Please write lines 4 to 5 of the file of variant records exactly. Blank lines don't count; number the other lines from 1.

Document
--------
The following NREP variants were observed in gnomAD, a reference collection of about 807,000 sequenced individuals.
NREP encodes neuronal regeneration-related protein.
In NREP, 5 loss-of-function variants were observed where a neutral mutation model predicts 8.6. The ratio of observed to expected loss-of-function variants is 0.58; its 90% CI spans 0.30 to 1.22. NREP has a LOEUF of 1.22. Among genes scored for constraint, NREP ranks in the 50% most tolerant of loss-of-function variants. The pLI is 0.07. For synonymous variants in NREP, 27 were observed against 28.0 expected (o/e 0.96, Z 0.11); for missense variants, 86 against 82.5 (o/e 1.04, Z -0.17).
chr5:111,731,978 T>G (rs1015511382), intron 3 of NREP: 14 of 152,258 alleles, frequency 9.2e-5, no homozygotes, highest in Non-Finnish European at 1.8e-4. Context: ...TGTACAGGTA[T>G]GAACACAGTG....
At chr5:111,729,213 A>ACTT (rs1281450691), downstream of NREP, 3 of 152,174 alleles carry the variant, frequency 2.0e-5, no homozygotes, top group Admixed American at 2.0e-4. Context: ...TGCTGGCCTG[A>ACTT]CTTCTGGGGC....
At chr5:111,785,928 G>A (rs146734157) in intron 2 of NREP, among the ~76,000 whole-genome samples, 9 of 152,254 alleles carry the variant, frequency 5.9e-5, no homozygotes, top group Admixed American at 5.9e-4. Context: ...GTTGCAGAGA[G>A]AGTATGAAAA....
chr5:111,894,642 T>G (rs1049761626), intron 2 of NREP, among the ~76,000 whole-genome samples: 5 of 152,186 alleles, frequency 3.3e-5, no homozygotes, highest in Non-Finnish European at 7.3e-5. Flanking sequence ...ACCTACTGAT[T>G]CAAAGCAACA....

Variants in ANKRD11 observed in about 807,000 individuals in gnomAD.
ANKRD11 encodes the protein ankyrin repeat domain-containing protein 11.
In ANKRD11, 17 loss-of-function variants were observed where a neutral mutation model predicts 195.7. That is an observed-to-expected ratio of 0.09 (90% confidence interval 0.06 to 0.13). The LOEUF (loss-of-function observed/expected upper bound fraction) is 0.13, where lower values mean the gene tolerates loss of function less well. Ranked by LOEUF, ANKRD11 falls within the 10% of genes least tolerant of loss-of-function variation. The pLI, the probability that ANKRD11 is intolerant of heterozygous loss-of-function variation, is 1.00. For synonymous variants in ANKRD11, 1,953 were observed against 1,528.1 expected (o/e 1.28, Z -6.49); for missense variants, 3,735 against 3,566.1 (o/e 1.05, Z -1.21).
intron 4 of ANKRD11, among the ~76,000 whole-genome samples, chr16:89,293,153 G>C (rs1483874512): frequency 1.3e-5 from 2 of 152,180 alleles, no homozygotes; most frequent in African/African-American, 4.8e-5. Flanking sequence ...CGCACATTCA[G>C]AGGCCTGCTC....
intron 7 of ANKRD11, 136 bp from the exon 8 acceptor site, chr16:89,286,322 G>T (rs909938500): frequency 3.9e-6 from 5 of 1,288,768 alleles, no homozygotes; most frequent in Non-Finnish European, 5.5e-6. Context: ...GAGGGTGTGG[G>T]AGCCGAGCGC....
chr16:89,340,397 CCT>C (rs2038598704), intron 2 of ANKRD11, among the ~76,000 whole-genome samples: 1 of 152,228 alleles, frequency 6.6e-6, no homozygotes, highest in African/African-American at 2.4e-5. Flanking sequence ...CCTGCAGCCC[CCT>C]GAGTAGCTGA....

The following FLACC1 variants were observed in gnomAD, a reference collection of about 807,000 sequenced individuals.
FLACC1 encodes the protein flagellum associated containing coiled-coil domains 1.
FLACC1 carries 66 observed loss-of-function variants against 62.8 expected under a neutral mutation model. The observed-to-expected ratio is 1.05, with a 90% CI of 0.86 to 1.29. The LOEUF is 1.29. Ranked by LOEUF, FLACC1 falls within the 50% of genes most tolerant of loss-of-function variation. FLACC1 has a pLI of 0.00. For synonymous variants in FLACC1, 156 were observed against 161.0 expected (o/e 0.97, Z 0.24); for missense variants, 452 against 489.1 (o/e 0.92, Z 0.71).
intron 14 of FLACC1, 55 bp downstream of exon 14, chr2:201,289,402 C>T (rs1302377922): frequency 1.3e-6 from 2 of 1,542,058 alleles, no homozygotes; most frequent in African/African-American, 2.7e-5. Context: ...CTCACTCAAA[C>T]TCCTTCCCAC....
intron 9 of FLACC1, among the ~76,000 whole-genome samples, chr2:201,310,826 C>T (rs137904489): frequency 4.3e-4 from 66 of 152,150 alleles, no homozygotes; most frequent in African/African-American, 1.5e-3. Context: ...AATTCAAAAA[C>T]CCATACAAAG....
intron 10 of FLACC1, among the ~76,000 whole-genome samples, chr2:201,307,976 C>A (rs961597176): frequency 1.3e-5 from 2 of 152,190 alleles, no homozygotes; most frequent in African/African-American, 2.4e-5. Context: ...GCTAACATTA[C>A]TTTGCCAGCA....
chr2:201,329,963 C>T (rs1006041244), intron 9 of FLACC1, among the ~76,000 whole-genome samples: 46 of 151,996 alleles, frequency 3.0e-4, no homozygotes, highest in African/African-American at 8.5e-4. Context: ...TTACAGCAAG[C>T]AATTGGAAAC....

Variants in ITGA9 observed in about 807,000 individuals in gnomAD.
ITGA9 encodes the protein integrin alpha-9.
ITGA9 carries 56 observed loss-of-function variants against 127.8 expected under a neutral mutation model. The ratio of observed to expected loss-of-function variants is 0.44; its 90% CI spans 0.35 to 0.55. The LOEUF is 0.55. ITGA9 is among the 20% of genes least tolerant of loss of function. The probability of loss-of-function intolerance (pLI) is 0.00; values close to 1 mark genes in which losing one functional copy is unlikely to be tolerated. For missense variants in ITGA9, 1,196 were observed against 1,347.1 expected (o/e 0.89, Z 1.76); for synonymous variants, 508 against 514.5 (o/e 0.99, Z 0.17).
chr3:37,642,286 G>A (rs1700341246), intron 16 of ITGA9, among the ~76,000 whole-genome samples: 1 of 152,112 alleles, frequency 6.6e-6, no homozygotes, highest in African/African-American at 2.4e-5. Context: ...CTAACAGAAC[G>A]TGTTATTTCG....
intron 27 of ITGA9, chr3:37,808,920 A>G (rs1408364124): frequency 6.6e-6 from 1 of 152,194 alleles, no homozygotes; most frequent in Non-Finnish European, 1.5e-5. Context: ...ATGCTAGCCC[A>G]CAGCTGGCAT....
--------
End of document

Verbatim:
chr5:111,731,978 T>G (rs1015511382), intron 3 of NREP: 14 of 152,258 alleles, frequency 9.2e-5, no homozygotes, highest in Non-Finnish European at 1.8e-4. Context: ...TGTACAGGTA[T>G]GAACACAGTG....
At chr5:111,729,213 A>ACTT (rs1281450691), downstream of NREP, 3 of 152,174 alleles carry the variant, frequency 2.0e-5, no homozygotes, top group Admixed American at 2.0e-4. Context: ...TGCTGGCCTG[A>ACTT]CTTCTGGGGC....